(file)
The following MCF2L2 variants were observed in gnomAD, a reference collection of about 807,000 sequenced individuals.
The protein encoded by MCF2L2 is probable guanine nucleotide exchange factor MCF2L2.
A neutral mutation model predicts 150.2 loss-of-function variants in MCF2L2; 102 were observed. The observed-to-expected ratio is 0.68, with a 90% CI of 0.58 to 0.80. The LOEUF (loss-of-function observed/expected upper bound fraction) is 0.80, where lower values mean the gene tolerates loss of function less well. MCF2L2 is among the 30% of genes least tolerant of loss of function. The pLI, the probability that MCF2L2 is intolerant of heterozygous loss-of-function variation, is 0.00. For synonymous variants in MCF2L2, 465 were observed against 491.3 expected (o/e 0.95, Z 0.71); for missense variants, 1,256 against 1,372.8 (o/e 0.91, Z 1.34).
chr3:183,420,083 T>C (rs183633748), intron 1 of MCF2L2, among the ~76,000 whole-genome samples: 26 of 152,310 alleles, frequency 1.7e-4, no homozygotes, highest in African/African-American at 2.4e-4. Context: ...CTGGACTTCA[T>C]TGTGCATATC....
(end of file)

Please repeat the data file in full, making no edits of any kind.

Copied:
The following MCF2L2 variants were observed in gnomAD, a reference collection of about 807,000 sequenced individuals.
The protein encoded by MCF2L2 is probable guanine nucleotide exchange factor MCF2L2.
A neutral mutation model predicts 150.2 loss-of-function variants in MCF2L2; 102 were observed. The observed-to-expected ratio is 0.68, with a 90% CI of 0.58 to 0.80. The LOEUF (loss-of-function observed/expected upper bound fraction) is 0.80, where lower values mean the gene tolerates loss of function less well. MCF2L2 is among the 30% of genes least tolerant of loss of function. The pLI, the probability that MCF2L2 is intolerant of heterozygous loss-of-function variation, is 0.00. For synonymous variants in MCF2L2, 465 were observed against 491.3 expected (o/e 0.95, Z 0.71); for missense variants, 1,256 against 1,372.8 (o/e 0.91, Z 1.34).
chr3:183,420,083 T>C (rs183633748), intron 1 of MCF2L2, among the ~76,000 whole-genome samples: 26 of 152,310 alleles, frequency 1.7e-4, no homozygotes, highest in African/African-American at 2.4e-4. Context: ...CTGGACTTCA[T>C]TGTGCATATC....